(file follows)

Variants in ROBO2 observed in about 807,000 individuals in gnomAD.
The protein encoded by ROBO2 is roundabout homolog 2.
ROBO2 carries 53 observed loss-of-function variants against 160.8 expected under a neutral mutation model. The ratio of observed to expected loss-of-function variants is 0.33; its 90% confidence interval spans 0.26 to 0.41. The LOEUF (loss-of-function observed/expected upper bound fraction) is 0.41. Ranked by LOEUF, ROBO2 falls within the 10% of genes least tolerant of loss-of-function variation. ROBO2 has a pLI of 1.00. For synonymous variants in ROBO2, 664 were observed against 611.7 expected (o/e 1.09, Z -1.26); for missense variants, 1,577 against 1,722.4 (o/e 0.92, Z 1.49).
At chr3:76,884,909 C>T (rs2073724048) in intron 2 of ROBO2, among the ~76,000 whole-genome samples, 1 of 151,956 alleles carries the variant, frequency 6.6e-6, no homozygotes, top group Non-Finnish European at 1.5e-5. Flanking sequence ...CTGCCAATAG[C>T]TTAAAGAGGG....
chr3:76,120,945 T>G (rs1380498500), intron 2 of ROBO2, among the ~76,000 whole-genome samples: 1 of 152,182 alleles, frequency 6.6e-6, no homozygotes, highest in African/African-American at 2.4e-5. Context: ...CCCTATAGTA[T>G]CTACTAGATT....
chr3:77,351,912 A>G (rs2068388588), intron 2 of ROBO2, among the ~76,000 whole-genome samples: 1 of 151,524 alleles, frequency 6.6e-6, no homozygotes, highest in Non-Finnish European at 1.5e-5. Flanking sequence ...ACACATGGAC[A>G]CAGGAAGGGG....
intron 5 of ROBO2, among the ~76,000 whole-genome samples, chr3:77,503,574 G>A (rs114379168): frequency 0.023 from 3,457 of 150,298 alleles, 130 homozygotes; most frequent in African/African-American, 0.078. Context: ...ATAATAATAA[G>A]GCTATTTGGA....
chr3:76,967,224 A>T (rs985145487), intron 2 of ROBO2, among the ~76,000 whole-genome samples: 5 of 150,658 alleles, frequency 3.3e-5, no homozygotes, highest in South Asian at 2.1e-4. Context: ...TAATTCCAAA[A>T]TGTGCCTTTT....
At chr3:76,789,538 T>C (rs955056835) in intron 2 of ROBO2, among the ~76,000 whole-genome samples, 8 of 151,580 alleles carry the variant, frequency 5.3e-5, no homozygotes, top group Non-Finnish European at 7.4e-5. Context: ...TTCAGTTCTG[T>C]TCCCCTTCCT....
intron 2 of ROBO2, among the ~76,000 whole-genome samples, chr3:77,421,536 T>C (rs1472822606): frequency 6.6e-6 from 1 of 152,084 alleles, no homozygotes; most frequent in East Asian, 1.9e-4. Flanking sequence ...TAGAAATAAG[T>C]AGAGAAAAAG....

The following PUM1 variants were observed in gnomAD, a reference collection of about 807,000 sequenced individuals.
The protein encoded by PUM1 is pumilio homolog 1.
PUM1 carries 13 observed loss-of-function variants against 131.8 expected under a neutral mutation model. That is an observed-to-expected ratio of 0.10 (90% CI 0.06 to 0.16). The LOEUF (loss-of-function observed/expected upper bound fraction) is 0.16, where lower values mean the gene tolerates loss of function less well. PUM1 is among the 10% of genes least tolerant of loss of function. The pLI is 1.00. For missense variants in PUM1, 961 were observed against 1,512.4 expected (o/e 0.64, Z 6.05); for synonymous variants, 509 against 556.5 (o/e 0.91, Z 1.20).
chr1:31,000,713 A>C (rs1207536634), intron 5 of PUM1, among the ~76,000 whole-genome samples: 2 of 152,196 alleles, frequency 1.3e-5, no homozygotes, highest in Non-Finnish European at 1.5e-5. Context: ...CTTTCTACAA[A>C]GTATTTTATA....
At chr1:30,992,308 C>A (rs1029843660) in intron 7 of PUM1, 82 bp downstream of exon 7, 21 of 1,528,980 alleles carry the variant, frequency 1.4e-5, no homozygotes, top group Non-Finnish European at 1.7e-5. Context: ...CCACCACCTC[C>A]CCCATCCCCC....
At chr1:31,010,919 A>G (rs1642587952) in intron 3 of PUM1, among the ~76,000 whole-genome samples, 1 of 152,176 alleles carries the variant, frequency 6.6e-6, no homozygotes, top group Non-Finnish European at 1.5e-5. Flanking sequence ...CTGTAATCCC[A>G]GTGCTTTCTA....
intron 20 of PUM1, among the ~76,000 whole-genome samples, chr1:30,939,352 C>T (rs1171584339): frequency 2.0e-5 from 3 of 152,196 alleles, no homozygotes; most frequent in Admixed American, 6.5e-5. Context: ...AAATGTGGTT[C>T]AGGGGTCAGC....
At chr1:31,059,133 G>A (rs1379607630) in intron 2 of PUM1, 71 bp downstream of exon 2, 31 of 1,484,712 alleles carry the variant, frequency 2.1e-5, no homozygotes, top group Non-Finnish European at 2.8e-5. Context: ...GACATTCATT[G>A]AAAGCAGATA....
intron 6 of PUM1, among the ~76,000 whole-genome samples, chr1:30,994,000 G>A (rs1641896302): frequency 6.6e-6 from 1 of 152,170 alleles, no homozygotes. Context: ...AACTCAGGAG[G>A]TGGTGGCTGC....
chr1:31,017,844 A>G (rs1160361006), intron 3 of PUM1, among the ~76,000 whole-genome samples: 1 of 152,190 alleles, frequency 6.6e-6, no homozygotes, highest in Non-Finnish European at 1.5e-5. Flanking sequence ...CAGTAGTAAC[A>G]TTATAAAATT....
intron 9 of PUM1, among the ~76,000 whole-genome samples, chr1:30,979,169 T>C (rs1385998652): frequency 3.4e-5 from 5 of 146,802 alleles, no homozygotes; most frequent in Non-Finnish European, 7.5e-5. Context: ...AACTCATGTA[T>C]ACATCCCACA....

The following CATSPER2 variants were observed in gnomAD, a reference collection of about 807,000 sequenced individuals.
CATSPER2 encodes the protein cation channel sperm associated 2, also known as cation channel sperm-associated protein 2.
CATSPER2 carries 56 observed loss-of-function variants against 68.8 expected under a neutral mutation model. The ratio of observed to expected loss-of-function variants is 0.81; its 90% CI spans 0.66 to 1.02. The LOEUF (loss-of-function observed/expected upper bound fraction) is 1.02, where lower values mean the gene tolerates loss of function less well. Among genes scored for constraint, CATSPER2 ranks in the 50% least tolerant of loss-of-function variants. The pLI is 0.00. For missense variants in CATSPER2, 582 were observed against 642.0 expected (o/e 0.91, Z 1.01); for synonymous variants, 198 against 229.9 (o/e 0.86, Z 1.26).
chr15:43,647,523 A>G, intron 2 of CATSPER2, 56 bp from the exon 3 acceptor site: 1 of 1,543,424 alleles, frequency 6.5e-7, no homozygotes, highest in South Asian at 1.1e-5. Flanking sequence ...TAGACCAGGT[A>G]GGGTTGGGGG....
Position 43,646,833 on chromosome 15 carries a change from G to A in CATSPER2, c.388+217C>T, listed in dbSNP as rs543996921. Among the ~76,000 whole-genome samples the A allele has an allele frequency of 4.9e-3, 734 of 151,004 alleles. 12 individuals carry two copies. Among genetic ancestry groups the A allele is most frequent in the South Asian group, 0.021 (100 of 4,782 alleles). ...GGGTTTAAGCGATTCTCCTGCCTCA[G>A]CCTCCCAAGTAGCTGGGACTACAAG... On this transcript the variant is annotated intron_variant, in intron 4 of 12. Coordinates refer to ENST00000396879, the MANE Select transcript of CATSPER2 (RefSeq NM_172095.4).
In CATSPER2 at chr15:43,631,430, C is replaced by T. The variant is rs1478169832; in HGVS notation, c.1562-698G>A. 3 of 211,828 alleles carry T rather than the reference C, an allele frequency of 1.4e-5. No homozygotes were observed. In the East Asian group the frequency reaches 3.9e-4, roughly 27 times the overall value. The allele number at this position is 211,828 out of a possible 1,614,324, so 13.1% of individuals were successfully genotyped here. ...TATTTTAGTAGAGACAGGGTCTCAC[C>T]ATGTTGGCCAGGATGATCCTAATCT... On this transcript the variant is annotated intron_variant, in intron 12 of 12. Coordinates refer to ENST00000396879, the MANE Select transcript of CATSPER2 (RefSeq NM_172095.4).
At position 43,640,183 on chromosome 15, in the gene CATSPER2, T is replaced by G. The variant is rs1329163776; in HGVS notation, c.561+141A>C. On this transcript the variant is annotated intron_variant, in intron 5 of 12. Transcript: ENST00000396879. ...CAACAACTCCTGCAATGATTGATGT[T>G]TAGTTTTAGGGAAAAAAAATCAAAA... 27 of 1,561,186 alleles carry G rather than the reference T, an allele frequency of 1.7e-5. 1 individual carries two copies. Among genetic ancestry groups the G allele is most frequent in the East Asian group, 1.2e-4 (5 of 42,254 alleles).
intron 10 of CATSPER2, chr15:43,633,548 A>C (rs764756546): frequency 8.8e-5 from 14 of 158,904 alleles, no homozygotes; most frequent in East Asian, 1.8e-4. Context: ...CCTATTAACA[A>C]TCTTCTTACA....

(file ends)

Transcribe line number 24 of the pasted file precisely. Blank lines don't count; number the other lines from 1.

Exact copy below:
CATSPER2 carries 56 observed loss-of-function variants against 68.8 expected under a neutral mutation model. The ratio of observed to expected loss-of-function variants is 0.81; its 90% CI spans 0.66 to 1.02. The LOEUF (loss-of-function observed/expected upper bound fraction) is 1.02, where lower values mean the gene tolerates loss of function less well. Among genes scored for constraint, CATSPER2 ranks in the 50% least tolerant of loss-of-function variants. The pLI is 0.00. For missense variants in CATSPER2, 582 were observed against 642.0 expected (o/e 0.91, Z 1.01); for synonymous variants, 198 against 229.9 (o/e 0.86, Z 1.26).